I think that a lot of people are attracted to the idea of being part of a large union because it feels ‘safer’ – remaining outside feels risky. This way of thinking believes that big is good – or at least that it is good to be part of something big – that a united Europe would be secure and strong in the big wide world out there.

I have to confess that I am uneasy with that view. In my opinion, the worst possible political arrangement for the world is a world with one central government exercising political control of the entire planet. It simply concentrates far too much power in one place. Power corrupts and absolute power corrupts absolutely.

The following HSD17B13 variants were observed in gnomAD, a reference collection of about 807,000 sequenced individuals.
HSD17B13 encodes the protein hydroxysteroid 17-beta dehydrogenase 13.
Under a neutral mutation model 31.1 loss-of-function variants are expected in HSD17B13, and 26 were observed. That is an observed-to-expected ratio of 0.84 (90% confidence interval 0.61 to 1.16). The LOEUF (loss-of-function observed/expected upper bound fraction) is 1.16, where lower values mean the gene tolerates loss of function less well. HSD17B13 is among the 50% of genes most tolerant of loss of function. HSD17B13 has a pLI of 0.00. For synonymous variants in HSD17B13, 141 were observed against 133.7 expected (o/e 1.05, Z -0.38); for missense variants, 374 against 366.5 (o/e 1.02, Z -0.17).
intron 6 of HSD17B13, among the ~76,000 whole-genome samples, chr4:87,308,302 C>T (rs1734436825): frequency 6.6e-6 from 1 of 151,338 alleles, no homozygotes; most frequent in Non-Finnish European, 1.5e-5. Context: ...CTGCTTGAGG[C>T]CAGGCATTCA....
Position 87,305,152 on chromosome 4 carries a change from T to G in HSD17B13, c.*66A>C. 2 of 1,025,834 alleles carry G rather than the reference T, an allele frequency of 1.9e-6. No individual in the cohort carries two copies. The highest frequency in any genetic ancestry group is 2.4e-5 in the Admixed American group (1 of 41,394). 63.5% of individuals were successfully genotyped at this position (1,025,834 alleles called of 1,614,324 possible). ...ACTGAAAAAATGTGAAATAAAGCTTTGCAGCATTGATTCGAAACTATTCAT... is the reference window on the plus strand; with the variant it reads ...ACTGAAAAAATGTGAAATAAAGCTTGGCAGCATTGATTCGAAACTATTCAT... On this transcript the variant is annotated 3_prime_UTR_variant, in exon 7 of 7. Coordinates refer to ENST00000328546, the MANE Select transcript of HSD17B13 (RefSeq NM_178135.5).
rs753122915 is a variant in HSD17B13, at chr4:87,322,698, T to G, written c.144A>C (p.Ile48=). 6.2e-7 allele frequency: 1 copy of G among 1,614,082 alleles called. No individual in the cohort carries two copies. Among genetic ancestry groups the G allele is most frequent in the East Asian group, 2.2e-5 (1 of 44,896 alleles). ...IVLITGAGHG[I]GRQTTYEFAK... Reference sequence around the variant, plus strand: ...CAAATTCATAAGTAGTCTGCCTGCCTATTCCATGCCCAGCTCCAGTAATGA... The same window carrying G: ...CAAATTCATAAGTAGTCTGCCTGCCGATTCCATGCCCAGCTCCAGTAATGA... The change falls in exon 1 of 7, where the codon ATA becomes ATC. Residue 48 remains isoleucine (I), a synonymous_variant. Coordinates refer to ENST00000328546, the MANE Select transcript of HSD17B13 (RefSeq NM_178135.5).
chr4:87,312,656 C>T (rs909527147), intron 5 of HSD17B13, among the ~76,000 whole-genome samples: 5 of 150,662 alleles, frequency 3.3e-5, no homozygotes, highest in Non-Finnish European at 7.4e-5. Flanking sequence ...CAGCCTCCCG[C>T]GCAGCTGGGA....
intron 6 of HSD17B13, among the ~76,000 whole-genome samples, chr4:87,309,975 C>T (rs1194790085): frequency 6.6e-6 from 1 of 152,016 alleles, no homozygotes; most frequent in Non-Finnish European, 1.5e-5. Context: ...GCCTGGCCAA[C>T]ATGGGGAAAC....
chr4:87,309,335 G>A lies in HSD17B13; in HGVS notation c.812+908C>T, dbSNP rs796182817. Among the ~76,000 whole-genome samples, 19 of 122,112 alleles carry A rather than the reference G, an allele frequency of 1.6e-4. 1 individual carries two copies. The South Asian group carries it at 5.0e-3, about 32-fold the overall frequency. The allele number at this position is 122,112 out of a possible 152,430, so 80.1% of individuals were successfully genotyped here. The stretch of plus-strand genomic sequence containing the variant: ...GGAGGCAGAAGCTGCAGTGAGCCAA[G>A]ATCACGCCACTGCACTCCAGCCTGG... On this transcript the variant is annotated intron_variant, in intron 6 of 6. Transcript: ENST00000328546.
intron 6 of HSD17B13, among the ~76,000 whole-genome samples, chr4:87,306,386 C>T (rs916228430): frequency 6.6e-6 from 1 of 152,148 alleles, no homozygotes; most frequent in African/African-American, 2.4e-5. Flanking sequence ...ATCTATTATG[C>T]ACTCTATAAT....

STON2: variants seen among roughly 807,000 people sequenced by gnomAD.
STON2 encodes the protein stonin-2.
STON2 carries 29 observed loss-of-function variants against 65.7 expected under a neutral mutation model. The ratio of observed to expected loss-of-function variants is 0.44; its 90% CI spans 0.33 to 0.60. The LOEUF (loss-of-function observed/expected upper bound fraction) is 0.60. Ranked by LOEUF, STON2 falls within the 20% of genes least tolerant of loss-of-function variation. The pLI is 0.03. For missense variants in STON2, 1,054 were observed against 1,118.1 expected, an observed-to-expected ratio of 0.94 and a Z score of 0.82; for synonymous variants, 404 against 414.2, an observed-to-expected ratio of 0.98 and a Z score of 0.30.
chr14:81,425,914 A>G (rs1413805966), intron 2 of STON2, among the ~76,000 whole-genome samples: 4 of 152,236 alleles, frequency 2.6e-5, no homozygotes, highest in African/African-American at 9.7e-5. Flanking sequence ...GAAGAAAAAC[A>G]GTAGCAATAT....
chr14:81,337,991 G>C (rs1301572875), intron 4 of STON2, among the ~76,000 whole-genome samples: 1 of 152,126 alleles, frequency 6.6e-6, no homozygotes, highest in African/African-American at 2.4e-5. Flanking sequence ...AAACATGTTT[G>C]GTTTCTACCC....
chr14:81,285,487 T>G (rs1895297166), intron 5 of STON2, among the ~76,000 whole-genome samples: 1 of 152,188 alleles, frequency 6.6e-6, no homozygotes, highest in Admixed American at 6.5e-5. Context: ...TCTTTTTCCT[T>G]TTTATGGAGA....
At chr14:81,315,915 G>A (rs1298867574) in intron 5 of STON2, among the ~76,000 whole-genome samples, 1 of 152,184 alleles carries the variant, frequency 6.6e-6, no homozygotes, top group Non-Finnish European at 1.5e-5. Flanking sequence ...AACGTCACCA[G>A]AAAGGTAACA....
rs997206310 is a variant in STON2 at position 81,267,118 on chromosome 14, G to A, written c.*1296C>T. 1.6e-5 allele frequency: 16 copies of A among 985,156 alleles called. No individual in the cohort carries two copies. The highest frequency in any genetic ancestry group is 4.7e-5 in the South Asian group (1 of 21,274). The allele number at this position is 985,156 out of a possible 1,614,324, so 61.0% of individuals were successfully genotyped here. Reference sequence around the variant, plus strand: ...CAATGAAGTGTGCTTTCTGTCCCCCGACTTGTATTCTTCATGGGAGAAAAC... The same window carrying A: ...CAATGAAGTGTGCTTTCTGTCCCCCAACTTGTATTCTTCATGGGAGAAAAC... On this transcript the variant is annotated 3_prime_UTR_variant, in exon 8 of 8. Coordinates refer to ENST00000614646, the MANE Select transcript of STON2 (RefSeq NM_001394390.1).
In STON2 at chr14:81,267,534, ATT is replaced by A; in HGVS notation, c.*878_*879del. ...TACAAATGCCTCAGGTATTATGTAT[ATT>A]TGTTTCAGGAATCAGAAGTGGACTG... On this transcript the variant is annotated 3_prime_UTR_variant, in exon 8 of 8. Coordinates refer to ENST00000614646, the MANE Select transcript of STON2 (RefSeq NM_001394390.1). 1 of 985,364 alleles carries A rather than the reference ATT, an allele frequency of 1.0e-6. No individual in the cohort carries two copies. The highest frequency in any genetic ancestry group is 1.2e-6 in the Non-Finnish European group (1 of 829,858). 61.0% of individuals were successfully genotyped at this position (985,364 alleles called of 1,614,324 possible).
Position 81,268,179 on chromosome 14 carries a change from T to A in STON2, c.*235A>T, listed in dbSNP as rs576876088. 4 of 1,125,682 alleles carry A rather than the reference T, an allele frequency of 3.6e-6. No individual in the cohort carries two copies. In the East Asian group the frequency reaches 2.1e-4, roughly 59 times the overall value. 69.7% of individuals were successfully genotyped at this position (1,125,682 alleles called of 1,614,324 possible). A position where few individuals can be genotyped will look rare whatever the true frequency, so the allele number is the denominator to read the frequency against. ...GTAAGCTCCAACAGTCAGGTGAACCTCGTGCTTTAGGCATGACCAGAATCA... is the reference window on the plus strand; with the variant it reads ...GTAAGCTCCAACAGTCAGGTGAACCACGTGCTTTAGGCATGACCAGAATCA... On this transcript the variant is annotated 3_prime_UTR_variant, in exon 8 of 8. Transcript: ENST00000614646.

And it seems to me that the second worst option is a world divided into a small handful of powerful blocks. Again, far too much power would be concentrated in only a handful of places. What I would prefer to see is a large number of independent countries – the more the merrier. That would share power out, and provide diversity instead of uniformity.

And that is basically why I would like to see Britain leaving the EU.

Babel

And I referred to the Biblical account of the building of the Tower of Babel, and in particular to words of the builders of the tower:

Come, let us build ourselves a city and a tower with its top in the heavens, and let us make a name for ourselves, lest we be dispersed over the face of the whole earth. ”

God clearly did not believe that this unity project was a good idea: